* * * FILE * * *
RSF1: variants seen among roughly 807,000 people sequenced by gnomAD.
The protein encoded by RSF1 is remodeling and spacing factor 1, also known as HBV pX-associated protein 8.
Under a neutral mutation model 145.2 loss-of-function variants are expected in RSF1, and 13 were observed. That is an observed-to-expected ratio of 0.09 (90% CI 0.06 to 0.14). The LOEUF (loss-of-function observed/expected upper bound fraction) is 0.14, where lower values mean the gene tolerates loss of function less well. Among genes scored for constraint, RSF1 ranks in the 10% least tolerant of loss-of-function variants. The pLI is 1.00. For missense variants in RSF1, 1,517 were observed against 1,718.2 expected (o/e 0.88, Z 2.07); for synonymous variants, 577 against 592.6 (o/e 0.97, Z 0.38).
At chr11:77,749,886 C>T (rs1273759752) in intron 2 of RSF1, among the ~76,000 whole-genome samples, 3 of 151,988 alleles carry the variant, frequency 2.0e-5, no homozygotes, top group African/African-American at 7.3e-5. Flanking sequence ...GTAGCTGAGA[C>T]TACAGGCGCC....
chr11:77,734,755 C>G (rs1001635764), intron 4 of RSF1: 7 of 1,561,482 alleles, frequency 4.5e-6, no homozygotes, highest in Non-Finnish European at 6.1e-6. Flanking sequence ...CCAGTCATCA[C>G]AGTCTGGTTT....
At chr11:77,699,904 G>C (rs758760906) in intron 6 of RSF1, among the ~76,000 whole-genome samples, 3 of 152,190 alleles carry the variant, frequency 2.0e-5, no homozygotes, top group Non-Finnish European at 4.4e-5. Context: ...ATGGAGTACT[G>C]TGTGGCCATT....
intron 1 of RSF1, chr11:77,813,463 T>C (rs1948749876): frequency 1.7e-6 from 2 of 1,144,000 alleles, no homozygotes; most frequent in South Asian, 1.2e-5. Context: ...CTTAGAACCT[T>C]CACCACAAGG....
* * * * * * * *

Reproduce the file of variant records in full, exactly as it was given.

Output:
RSF1: variants seen among roughly 807,000 people sequenced by gnomAD.
The protein encoded by RSF1 is remodeling and spacing factor 1, also known as HBV pX-associated protein 8.
Under a neutral mutation model 145.2 loss-of-function variants are expected in RSF1, and 13 were observed. That is an observed-to-expected ratio of 0.09 (90% CI 0.06 to 0.14). The LOEUF (loss-of-function observed/expected upper bound fraction) is 0.14, where lower values mean the gene tolerates loss of function less well. Among genes scored for constraint, RSF1 ranks in the 10% least tolerant of loss-of-function variants. The pLI is 1.00. For missense variants in RSF1, 1,517 were observed against 1,718.2 expected (o/e 0.88, Z 2.07); for synonymous variants, 577 against 592.6 (o/e 0.97, Z 0.38).
At chr11:77,749,886 C>T (rs1273759752) in intron 2 of RSF1, among the ~76,000 whole-genome samples, 3 of 151,988 alleles carry the variant, frequency 2.0e-5, no homozygotes, top group African/African-American at 7.3e-5. Flanking sequence ...GTAGCTGAGA[C>T]TACAGGCGCC....
chr11:77,734,755 C>G (rs1001635764), intron 4 of RSF1: 7 of 1,561,482 alleles, frequency 4.5e-6, no homozygotes, highest in Non-Finnish European at 6.1e-6. Flanking sequence ...CCAGTCATCA[C>G]AGTCTGGTTT....
At chr11:77,699,904 G>C (rs758760906) in intron 6 of RSF1, among the ~76,000 whole-genome samples, 3 of 152,190 alleles carry the variant, frequency 2.0e-5, no homozygotes, top group Non-Finnish European at 4.4e-5. Context: ...ATGGAGTACT[G>C]TGTGGCCATT....
intron 1 of RSF1, chr11:77,813,463 T>C (rs1948749876): frequency 1.7e-6 from 2 of 1,144,000 alleles, no homozygotes; most frequent in South Asian, 1.2e-5. Context: ...CTTAGAACCT[T>C]CACCACAAGG....